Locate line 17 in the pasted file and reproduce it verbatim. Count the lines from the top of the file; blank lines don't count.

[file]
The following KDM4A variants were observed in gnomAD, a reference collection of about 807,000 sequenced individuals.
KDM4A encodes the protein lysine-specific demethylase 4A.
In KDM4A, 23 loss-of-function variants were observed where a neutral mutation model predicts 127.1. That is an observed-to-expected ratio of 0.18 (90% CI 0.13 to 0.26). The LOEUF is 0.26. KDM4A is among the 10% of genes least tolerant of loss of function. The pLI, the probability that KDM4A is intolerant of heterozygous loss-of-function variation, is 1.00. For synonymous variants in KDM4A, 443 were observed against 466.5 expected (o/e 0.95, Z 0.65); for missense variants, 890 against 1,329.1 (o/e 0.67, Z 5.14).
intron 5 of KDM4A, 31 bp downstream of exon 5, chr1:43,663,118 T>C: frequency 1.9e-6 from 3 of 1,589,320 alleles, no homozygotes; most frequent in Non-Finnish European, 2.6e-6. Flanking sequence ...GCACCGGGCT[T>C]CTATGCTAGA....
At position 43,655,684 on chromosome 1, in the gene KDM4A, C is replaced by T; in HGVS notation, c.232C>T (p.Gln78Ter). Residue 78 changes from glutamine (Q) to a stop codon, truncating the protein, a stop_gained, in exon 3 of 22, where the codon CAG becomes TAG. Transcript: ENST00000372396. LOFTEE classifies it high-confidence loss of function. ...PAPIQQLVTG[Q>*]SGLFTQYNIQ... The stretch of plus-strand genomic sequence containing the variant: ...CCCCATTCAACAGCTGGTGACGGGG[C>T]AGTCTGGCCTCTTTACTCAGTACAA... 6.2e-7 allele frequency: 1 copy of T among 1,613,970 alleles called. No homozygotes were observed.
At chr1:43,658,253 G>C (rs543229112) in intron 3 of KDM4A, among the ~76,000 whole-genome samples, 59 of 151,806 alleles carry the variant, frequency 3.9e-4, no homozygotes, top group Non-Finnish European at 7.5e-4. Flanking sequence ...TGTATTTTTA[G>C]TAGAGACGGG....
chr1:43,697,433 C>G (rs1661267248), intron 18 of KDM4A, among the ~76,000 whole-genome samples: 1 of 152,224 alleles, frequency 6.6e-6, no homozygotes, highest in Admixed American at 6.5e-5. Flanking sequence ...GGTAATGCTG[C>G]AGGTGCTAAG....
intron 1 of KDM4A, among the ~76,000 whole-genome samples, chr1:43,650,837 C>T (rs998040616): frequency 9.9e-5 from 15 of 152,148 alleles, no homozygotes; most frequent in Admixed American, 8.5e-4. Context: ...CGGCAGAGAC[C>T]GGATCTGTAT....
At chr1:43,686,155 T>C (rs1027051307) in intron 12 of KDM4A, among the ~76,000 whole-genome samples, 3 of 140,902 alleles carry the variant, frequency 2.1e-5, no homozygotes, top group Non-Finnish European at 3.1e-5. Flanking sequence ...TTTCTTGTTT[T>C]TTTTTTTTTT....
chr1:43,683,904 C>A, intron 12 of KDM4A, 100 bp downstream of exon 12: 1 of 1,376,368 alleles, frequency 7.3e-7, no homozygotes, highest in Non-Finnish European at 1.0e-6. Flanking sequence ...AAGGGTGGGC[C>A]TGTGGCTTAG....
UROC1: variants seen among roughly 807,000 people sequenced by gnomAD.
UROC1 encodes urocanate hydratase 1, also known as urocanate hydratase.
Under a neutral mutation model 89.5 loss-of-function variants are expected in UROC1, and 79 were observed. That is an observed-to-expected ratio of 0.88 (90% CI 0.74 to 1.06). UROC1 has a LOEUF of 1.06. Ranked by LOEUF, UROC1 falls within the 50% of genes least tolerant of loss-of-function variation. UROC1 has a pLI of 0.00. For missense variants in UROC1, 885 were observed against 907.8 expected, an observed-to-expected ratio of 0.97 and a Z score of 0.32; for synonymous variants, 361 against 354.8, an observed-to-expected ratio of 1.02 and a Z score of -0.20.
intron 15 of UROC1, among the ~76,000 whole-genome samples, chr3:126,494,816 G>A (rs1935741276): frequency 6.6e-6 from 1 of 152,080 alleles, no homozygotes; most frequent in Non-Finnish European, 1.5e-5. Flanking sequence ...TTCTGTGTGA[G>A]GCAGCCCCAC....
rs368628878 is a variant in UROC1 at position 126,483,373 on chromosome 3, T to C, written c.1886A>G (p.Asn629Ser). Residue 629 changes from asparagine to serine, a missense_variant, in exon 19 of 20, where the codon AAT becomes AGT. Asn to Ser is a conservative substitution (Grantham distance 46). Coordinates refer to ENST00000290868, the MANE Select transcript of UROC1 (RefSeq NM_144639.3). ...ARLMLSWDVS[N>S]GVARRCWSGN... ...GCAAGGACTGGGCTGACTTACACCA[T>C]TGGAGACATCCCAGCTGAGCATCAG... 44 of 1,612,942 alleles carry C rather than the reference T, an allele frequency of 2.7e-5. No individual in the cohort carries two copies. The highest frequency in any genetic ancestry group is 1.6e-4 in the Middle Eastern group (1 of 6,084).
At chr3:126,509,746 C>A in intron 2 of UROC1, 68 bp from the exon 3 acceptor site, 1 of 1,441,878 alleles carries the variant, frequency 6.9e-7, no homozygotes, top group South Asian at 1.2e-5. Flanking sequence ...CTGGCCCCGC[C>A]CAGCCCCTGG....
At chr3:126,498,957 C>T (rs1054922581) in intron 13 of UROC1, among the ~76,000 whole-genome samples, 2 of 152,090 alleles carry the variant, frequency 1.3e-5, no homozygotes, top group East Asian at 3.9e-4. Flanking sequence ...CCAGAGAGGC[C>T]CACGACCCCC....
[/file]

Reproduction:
At chr3:126,498,957 C>T (rs1054922581) in intron 13 of UROC1, among the ~76,000 whole-genome samples, 2 of 152,090 alleles carry the variant, frequency 1.3e-5, no homozygotes, top group East Asian at 3.9e-4. Flanking sequence ...CCAGAGAGGC[C>T]CACGACCCCC....